JMA Seismic Intensity Scale[11][12][13]
Intensity Instrumental Intensity Effects on:
Indoors Outdoors Residential buildings Other structures Utilities Ground and slopes Peak ground acceleration[14] Mercalli equivalent (appr.)
0 ≤0.5 Imperceptible to most people. Indoor objects will not shake. No damage <0.008 m/s2 I
1 0.5–1.4 Perceptible to some people in the upper stories of multi-story buildings Objects may sway or rattle. No damage 0.008–0.025 m/s2 I–II
2 1.5–2.4 Perceptible to most people indoors. Awakens light sleepers. Hanging objects sway. Shaking without damage. No damage 0.025–0.08 m/s2 II–III
3 2.5–3.4 Perceptible to everyone indoors. Frightens some people. Objects inside rattle noticeably and can fall from raised surfaces. Overhead power lines sway. Perceptible to people outdoors. Houses may shake intensely. Light damage possible to homes with low earthquake resistance. Light damage to older buildings with low earthquake resistance. Light damage possible to earthquake-resistant buildings. Unaffected 0.08–0.25 m/s2 III–IV
4 3.5–4.4 Most people are frightened by the shaking. Some seek escape. Most sleepers are awoken. Hanging objects swing and dishes inside cupboards rattle. Unsecured objects topple over. Moving objects produce loud noises. Power lines sway. Tremors are perceptible to people outside. Light damage to less earthquake-resistant homes. Most homes shake intensely and walls may crack. Apartment buildings will shake. Light damage to non-residential buildings. Little damage to earthquake-resistant structures. Interruptions (esp. electricity) are possible. No landslides or ground cracking 0.25–0.80 m/s2 IV–VI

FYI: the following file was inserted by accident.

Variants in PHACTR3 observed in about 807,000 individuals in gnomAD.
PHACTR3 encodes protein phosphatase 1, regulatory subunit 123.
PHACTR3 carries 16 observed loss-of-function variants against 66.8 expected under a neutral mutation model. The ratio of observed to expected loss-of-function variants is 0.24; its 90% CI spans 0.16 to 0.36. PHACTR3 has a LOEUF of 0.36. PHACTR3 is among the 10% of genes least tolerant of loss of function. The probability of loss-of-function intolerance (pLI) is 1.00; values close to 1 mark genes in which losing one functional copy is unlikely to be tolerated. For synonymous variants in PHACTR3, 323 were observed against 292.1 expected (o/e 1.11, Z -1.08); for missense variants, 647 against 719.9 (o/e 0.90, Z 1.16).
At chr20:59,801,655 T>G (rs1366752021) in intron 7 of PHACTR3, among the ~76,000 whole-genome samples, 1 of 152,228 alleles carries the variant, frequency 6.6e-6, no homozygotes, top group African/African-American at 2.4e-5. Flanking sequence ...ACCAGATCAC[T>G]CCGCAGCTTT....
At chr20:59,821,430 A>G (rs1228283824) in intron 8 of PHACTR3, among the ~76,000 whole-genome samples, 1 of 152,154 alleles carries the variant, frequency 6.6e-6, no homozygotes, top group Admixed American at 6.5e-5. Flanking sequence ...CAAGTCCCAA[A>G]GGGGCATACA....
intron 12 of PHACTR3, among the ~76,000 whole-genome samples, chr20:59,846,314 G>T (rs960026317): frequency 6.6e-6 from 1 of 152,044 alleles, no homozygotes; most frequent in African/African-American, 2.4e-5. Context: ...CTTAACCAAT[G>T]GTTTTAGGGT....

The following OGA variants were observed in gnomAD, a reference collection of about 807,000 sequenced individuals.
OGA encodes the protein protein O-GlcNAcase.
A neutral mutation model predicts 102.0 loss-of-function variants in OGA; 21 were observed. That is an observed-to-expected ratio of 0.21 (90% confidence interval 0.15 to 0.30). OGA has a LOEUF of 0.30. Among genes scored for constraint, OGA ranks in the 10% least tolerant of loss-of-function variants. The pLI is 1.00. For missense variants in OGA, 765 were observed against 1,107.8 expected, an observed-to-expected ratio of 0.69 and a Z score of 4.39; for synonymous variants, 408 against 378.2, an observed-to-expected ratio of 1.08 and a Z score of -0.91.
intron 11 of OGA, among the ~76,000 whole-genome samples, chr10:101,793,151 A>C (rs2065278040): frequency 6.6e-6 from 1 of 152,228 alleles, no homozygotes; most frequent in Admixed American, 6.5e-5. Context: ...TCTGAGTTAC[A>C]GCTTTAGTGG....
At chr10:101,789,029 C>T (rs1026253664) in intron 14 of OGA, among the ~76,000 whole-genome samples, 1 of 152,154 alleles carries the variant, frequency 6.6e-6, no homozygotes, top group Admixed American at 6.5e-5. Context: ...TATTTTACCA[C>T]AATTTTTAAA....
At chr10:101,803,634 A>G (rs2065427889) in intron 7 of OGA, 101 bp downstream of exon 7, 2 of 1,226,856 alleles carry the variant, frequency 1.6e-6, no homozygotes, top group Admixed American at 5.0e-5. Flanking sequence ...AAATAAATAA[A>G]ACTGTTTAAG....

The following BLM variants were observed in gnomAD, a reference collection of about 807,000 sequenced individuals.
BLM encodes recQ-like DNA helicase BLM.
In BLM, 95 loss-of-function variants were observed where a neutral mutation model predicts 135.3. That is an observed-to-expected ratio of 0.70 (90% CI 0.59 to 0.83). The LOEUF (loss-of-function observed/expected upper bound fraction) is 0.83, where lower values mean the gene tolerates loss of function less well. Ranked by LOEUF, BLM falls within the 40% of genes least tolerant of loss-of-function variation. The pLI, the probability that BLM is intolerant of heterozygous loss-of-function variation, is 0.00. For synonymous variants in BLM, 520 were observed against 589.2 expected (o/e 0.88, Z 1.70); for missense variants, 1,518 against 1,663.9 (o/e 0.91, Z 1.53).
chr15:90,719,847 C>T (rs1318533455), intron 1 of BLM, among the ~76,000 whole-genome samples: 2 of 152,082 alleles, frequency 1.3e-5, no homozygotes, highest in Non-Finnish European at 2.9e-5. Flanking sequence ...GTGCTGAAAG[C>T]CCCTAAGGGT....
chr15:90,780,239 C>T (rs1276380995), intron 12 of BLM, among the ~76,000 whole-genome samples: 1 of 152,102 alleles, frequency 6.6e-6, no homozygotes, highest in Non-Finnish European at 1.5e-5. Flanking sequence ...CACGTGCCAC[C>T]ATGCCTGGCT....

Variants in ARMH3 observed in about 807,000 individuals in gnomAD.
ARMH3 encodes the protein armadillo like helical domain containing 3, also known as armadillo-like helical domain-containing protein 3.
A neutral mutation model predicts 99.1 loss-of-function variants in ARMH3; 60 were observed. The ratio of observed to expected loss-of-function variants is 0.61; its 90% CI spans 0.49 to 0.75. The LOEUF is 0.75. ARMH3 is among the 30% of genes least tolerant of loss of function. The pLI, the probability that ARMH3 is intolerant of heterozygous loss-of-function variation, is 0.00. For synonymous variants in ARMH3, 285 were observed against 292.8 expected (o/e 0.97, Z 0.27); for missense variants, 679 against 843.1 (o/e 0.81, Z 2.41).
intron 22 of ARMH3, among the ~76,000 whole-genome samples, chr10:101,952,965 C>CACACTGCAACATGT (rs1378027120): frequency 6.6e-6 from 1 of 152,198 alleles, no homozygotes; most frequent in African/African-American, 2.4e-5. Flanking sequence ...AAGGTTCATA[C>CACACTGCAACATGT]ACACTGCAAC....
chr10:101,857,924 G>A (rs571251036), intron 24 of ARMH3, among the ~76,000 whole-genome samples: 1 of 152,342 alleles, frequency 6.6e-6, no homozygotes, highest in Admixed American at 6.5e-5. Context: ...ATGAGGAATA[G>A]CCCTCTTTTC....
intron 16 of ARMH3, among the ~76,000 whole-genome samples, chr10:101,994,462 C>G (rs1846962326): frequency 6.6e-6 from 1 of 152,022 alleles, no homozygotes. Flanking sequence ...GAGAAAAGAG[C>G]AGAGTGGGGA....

5− (5弱) 4.5–4.9 Most people are frightened, and feel the need to hold on to something stable to support themselves. Some may try to escape from danger by running outside. Some people find it difficult to move. Hanging objects swing. Most unsecured objects topple. Dishes fall from cupboards and books on shelves fall to the ground. Unsecured furniture will move. Utility poles swagger. Windows may break or fall, unreinforced cinderblock walls topple, some road damage Wall and column damage to low earthquake-resistant residential structures Wall cracks in low earthquake-resistant buildings. Light damage to regular and earthquake-resistant structures Automatic valves cut residential gas. Some water supply interruptions. Blackouts. Soft ground may crack. Rockfalls and small slope failures possible 0.80–1.40 m/s2 V–VII
5+ (5強) 5.0–5.4 Many people are considerably frightened and find it difficult to move. Most road users will stop their vehicles, as the shaking makes it extremely difficult to drive. Most dishes in a cupboard and most books on a bookshelf fall. Occasionally, a TV set on a rack falls down, heavy furniture such as drawers fall over, and sliding doors slip out of their grooves. Due to earthquake-induced deformation of doorframes, it may become impossible to open or close interior doors after the shaking stops. Unreinforced concrete-block walls can collapse and tombstones overturn. Poorly installed vending machines can fall over. Less earthquake-resistant homes and apartments suffer heavy/significant damage to walls and pillars and can lean. Medium to large cracks are formed in walls. Crossbeams and pillars of less earthquake-resistant buildings and even highly earthquake-resistant buildings also have cracks. Gas pipes and water mains are damaged. (Gas service and/or water service are interrupted in some regions.) Cracks may appear in soft ground. Rockfalls and small slope failures would take place. 1.40–2.50 m/s2 VI–VIII